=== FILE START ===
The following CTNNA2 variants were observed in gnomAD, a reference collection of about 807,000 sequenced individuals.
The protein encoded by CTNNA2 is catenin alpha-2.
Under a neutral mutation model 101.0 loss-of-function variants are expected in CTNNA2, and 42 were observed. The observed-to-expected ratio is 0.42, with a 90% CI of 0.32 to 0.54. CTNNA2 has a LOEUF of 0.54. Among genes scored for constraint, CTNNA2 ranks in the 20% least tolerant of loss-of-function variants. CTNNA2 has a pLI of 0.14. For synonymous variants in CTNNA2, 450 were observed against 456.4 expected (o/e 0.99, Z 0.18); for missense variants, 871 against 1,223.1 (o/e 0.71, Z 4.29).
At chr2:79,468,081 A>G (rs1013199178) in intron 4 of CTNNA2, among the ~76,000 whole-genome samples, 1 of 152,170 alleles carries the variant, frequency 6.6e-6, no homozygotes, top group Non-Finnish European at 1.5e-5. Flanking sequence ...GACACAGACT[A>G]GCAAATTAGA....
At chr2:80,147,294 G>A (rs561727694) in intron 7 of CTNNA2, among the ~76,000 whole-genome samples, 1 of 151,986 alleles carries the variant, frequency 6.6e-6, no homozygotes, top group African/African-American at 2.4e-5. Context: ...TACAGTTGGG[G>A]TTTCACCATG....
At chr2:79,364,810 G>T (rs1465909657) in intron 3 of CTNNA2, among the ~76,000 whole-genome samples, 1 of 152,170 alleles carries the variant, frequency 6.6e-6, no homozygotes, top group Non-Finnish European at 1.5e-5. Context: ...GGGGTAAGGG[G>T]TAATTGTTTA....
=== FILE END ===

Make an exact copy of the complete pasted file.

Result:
The following CTNNA2 variants were observed in gnomAD, a reference collection of about 807,000 sequenced individuals.
The protein encoded by CTNNA2 is catenin alpha-2.
Under a neutral mutation model 101.0 loss-of-function variants are expected in CTNNA2, and 42 were observed. The observed-to-expected ratio is 0.42, with a 90% CI of 0.32 to 0.54. CTNNA2 has a LOEUF of 0.54. Among genes scored for constraint, CTNNA2 ranks in the 20% least tolerant of loss-of-function variants. CTNNA2 has a pLI of 0.14. For synonymous variants in CTNNA2, 450 were observed against 456.4 expected (o/e 0.99, Z 0.18); for missense variants, 871 against 1,223.1 (o/e 0.71, Z 4.29).
At chr2:79,468,081 A>G (rs1013199178) in intron 4 of CTNNA2, among the ~76,000 whole-genome samples, 1 of 152,170 alleles carries the variant, frequency 6.6e-6, no homozygotes, top group Non-Finnish European at 1.5e-5. Flanking sequence ...GACACAGACT[A>G]GCAAATTAGA....
At chr2:80,147,294 G>A (rs561727694) in intron 7 of CTNNA2, among the ~76,000 whole-genome samples, 1 of 151,986 alleles carries the variant, frequency 6.6e-6, no homozygotes, top group African/African-American at 2.4e-5. Context: ...TACAGTTGGG[G>A]TTTCACCATG....
At chr2:79,364,810 G>T (rs1465909657) in intron 3 of CTNNA2, among the ~76,000 whole-genome samples, 1 of 152,170 alleles carries the variant, frequency 6.6e-6, no homozygotes, top group Non-Finnish European at 1.5e-5. Context: ...GGGGTAAGGG[G>T]TAATTGTTTA....